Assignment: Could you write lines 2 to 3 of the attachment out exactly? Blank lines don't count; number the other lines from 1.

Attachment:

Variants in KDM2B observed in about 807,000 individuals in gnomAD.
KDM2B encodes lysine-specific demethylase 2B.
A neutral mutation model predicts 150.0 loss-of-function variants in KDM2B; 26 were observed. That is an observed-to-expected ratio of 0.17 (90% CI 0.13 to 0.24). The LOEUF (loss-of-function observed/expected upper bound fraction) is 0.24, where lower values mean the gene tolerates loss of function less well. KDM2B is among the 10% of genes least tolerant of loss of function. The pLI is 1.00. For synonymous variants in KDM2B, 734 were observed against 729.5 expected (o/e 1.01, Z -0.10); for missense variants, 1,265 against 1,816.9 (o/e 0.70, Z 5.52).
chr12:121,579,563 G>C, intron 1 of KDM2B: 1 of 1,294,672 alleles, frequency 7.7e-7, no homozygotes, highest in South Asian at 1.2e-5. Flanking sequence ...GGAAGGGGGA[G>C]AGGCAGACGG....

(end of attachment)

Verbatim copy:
KDM2B encodes lysine-specific demethylase 2B.
A neutral mutation model predicts 150.0 loss-of-function variants in KDM2B; 26 were observed. That is an observed-to-expected ratio of 0.17 (90% CI 0.13 to 0.24). The LOEUF (loss-of-function observed/expected upper bound fraction) is 0.24, where lower values mean the gene tolerates loss of function less well. KDM2B is among the 10% of genes least tolerant of loss of function. The pLI is 1.00. For synonymous variants in KDM2B, 734 were observed against 729.5 expected (o/e 1.01, Z -0.10); for missense variants, 1,265 against 1,816.9 (o/e 0.70, Z 5.52).